Diabetes

19 September 2007

Pen mightier than syringe

For patients with type 2 diabetes who need to start insulin injections, using a pre-loaded insulin pen could save money overall, according to results of a new study.

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For patients with type 2 diabetes who have reached the point where they need to start insulin injections, using a pre-loaded insulin pen could save money overall, according to results of a new study.

People who use the insulin pen rather than traditional vials and syringes make fewer visits to the doctor or hospital, and the reduced use of health care resources translates directly into cost savings, the study's authors say.

A pen device is easier to use, provides greater dose accuracy, and is more satisfactory to patients, compared with a syringe, Dr Rajesh Balkrishnan and associates note in their paper in the journal Clinical Therapeutics.

Total costs are less,br> To compare costs related to initiating use of insulin pens (NovoPen or FlexPen) or syringes, Balkrishnan, at Ohio State University in Columbus, and his colleagues studied information in the North Carolina Medicaid program patient-claims database on patients with type 2 diabetes that enrolled between 2001 and 2006.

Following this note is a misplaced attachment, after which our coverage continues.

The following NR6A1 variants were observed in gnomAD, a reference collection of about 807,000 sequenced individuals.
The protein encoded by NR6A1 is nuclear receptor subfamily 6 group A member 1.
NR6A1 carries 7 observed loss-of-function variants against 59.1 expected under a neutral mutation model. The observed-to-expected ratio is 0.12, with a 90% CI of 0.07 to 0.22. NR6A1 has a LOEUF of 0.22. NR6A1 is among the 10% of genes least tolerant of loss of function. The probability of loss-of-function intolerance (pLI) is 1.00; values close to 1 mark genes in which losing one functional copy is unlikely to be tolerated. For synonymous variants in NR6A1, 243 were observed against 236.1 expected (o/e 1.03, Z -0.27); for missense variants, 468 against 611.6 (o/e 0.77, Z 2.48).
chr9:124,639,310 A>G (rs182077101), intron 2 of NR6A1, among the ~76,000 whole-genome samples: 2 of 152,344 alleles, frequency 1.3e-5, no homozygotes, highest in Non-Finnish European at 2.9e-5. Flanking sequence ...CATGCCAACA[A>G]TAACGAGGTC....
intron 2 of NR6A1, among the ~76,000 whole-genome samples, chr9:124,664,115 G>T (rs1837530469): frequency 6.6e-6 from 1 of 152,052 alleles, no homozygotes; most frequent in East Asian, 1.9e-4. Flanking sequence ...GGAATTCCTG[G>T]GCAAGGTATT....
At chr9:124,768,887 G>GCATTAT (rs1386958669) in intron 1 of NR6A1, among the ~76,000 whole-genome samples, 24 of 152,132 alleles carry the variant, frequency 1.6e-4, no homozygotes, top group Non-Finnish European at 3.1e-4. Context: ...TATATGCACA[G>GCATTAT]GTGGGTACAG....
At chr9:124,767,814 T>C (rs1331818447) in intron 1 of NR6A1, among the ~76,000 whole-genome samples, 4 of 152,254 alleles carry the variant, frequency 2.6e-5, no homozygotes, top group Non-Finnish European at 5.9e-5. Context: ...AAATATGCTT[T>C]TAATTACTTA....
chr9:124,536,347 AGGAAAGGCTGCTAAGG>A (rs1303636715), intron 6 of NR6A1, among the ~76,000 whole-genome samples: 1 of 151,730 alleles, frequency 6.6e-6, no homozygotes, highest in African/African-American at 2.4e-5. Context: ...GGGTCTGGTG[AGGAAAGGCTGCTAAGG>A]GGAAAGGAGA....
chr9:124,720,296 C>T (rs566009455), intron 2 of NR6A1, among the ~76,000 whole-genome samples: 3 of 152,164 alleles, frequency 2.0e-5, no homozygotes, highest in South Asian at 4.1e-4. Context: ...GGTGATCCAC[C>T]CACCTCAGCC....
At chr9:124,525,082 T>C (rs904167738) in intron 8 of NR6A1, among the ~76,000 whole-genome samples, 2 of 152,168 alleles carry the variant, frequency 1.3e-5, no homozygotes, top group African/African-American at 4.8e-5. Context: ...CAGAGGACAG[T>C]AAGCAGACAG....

Their comparison included 1 162 patients who began insulin therapy with a syringe, and 168 who began therapy with an insulin pen.

The team found that the total annual health care costs, excluding prescriptions, averaged roughly $14,900 per patient in the pen group and $32,000 for the syringe users.

Even though the initial cost of an insulin pen is greater than that for syringes, the overall cost benefits of using pens outweigh those for syringe use, Balkrishnan's team concludes. - (Reuters Health)

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